Liven Up Your Patio or Balcony with a Container Garden
by Kate McIntyre
Old House Web Columnist
Container gardens are a great option for people who cannot have regular gardens and for anyone who is looking for a way to brighten up a porch or patio for the summer. You can grow a wide variety of flowers, herbs, and vegetables in a very limited space.
Benefits of a Container Garden
Container gardens make great choices for apartment dwellers and condo owners with limited yard space. If your urban lifestyle is making you feel cut off from nature, a container garden can add a dose of color to your surroundings. Container gardens also are ideal for people with limited mobility, who might have trouble kneeling and bending over for extended periods to tend a regular garden.
Planting and Maintaining Your Container Garden
To plant your container garden, you will need some containers that look good together, along with soil, plants, and slow-release fertilizer. It is essential that the container you pick has adequate drainage holes. Be sure to flip containers over to check the drainage before you make a purchase. You should pick plants of several different heights including some low-growing plants, such as Lobelia or Nasturtiums, which will cascade over the sides of the container. The tallest plants should be placed in the center of the container, with the shorter ones nestled around them. Most herbs grow well in containers, and vegetables including cucumbers, tomatoes, cabbage, and lettuce also can thrive in this environment.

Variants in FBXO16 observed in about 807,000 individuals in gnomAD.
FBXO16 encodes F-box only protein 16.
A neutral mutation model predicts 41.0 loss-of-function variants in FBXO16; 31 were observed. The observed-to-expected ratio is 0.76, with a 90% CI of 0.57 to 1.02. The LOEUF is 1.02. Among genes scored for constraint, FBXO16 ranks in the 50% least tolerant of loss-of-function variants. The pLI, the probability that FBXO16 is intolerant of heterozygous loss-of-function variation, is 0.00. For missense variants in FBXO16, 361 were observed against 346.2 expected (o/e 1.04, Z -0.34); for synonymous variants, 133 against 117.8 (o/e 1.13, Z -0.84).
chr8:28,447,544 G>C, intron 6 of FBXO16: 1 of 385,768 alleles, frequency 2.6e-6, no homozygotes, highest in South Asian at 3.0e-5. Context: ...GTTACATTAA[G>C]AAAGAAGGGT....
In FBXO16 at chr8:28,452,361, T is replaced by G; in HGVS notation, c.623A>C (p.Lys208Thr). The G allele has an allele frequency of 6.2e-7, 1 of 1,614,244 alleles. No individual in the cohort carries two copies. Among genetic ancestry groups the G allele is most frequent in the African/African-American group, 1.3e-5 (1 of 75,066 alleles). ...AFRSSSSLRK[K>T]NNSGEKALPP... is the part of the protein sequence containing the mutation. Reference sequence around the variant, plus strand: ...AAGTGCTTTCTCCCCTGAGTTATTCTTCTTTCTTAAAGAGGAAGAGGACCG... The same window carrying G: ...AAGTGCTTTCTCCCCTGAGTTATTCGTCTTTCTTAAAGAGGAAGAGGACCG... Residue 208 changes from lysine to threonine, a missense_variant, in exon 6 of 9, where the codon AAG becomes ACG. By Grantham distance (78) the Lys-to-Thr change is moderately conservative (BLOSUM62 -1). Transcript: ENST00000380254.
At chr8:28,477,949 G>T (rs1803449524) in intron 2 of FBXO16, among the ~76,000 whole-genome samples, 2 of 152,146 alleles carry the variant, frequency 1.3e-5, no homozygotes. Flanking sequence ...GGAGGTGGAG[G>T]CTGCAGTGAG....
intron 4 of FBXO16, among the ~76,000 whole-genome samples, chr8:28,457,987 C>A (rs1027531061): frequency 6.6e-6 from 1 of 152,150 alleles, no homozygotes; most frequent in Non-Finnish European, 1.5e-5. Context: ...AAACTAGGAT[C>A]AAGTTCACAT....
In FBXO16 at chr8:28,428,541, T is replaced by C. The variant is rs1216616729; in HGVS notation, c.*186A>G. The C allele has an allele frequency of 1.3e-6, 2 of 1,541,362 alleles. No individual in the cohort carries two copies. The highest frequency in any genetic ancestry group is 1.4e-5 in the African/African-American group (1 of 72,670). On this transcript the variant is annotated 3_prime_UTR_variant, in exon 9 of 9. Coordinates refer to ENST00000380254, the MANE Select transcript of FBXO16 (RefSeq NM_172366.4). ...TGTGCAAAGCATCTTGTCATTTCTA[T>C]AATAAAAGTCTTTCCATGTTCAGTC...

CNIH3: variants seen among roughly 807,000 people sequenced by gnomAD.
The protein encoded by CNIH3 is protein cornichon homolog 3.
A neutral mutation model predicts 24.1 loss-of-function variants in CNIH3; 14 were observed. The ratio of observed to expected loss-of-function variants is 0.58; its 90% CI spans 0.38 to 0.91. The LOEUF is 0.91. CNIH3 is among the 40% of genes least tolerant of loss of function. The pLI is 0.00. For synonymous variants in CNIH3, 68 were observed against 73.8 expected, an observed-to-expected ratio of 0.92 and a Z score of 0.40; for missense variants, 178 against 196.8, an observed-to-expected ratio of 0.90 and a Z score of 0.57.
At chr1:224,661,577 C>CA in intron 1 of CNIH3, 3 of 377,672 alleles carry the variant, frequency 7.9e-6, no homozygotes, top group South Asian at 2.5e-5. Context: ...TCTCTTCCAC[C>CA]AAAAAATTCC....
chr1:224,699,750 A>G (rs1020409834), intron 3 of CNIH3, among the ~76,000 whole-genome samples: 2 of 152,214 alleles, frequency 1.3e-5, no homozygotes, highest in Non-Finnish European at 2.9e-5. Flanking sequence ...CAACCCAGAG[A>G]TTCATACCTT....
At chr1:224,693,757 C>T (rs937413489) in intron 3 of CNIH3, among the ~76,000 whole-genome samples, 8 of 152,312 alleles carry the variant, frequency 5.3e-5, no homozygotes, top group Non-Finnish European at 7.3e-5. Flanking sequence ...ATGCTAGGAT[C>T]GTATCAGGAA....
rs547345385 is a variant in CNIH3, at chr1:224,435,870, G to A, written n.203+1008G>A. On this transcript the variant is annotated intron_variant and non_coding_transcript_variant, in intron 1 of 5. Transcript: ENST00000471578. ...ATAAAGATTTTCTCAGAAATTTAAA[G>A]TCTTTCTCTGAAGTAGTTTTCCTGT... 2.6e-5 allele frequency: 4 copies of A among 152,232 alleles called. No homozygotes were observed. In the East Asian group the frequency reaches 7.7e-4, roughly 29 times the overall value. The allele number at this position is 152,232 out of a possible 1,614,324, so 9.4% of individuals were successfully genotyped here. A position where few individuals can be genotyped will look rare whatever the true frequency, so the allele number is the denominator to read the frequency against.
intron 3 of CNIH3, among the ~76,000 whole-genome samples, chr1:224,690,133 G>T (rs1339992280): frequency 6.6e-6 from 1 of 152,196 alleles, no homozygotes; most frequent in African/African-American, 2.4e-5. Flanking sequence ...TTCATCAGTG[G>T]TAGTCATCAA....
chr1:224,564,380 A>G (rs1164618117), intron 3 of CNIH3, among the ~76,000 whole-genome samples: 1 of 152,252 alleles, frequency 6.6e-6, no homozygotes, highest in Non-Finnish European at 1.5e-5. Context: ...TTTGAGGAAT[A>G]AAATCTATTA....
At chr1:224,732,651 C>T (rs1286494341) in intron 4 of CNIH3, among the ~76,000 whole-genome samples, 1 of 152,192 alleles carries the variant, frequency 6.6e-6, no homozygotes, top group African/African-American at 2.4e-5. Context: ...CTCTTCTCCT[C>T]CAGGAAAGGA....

Once you have completed your planting, you will need to do some minimal upkeep to keep your new garden looking its best. You might find that you need to water your containers more often than your regular garden. As flowers wither, you should deadhead them to ensure a long blooming season. If you have tender perennials planted in your containers and you experience severe winters in your area, shelter the containers in your garage or basement during the coldest months. They will be ready for another growing season as soon as spring arrives.
About the Author
Kate McIntyre is a writer in Portland, Oregon. She holds a B.A. from Harvard University and an M.F.A. in fiction writing from Oregon State University.